China's Consumers Risk FOMO as Electric Cars' Popularity Soars
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Welcome to 2022 from Beijing. After the explosive growth last year in China's EV market, what could this year have in store for consumers?
The short answer: more of the same. Sales — which more than doubled last year and should end up topping 3 million once December’s figures are added — are forecast to almost double again to 6 million, according to the China Passenger Car Association. New-energy vehicles, which include electric cars, plug-in hybrids and fuel-cell autos, will account for about one in five of new car sales.
A key reason behind the expected sales surge is the looming end of government subsidies for EV purchases, which won’t be available from 2023 on. Introduced 12 years ago to support the development of the nascent industry, the subsidies have slowly been phased out, but are still worth as much as 12,600 yuan, or about $1,200, on purchases up to 300,000 yuan.
A growing preference for greener, cleaner vehicles also contributed to the EV sales surge. And EVs are also seen as smarter than ICE cars, offering features from autonomous driving to in-car karaoke. Homegrown upstarts Xpeng, Nio and Li Auto have established themselves as serious contenders, while SAIC-GM-Wuling Automobile’s pint-sized Hongguang Mini has proved popular with price-conscious young drivers.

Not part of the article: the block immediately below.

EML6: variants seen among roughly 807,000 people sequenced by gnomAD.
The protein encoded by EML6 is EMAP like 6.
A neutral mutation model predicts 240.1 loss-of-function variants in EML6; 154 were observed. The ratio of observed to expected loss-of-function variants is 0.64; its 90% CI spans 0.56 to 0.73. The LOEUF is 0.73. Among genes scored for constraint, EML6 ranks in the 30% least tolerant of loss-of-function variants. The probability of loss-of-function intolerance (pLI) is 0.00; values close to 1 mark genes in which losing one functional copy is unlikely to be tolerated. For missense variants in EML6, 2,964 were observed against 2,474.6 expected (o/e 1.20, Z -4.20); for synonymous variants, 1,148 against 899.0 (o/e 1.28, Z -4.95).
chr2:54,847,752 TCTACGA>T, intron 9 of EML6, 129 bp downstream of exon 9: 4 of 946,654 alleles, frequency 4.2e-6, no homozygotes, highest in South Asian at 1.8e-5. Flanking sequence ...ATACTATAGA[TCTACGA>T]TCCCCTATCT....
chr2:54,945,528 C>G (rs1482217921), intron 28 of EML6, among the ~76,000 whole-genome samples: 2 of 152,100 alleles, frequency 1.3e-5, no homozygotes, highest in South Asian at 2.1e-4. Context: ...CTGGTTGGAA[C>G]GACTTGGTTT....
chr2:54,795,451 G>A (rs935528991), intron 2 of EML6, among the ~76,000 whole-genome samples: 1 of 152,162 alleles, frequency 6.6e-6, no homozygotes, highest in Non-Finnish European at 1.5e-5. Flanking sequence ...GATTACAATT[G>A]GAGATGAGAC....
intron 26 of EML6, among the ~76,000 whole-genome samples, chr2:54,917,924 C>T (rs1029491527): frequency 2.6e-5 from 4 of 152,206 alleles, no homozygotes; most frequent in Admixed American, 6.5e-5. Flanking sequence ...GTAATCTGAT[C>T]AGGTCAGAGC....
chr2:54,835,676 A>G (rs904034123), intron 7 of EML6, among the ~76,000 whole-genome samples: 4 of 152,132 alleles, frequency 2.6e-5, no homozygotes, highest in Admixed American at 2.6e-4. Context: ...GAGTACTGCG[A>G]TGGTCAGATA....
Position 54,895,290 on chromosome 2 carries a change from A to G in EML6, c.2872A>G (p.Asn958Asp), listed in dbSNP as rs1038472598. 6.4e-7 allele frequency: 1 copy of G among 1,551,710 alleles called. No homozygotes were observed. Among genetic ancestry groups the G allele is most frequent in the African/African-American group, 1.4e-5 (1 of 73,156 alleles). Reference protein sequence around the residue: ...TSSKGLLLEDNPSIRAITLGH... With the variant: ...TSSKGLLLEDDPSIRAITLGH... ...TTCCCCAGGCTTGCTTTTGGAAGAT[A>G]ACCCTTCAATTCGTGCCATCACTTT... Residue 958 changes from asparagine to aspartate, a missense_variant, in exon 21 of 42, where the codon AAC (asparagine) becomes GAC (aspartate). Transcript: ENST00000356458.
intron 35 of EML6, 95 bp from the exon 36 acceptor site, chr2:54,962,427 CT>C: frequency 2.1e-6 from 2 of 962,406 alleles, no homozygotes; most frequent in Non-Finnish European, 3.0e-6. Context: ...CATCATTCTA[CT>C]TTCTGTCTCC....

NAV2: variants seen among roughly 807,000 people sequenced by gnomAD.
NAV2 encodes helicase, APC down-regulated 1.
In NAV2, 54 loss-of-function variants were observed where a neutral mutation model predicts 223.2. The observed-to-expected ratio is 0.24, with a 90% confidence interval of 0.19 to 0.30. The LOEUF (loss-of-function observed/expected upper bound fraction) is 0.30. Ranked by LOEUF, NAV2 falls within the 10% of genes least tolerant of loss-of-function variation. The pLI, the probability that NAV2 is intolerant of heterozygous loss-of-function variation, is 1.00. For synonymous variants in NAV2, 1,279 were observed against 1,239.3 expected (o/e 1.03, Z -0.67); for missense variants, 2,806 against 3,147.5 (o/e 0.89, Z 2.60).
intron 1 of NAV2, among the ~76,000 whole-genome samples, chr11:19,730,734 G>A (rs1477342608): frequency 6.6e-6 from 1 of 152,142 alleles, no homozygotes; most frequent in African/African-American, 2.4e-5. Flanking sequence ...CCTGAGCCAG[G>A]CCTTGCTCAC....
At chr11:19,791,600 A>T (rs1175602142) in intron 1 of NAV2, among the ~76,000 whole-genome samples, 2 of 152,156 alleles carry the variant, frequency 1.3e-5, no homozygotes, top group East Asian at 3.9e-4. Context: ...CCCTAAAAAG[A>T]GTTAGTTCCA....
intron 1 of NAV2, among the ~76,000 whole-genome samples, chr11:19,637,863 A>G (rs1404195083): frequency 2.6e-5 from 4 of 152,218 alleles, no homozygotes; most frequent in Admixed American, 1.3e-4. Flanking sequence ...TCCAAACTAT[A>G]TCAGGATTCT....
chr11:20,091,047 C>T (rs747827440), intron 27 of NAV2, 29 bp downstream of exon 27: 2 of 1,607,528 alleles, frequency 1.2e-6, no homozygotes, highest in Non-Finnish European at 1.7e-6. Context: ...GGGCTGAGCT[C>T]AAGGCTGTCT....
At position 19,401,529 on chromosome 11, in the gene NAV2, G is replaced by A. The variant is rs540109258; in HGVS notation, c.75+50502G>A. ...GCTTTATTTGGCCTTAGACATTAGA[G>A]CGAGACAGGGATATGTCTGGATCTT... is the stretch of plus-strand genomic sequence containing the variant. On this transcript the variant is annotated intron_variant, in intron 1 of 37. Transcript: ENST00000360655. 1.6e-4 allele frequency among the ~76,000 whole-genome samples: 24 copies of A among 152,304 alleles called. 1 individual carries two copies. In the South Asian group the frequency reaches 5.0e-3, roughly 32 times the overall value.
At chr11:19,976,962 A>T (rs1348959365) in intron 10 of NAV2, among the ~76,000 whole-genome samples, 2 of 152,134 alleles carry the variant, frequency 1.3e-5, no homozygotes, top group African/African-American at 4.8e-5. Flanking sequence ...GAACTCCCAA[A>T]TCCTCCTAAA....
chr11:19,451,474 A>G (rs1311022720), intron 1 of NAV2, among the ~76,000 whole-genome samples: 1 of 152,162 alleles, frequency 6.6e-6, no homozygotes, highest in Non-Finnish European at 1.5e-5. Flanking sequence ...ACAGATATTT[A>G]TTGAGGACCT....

New EV owners may also want to beat potential price rises driven by parts shortages and rising raw material costs. On New Year’s Eve, Tesla increased the price of Model Y vehicles made at its Shanghai factory by more than 20,000 yuan and bumped up the cost of its Model 3 by 10,000 yuan — the second hikes in about a month. Other automakers including Polestar, FAW-VW and Leap Motor have also raised prices or set a date for removing factory incentives.
That’s playing on the mind of Beijing resident Zhang Xin, who has finally decided to trade in his old gasoline car for an EV.
“The car-purchase funding is much less now than a few years ago, but it is still some serious money,” the 45-year-old technician said. “I just hope I can get one before the cost goes up any further.”
Still, the year ahead won’t be without challenges, most of them familiar: the ongoing chip shortage and Covid disruptions to supply chains and manufacturing. BYD last week said production at its Xi’an facility had returned to normal levels after being hit when the city of 13 million was plunged into lockdown in late December.
Geely said an outbreak of Covid cases in the city hasn't slowed output at its factories in Ningbo but warned that supply chain efficiencies and deliveries might be affected.
If those hurdles can be overcome, it looks like China’s EV market is in for another blockbuster year.
©2022 Bloomberg L.P.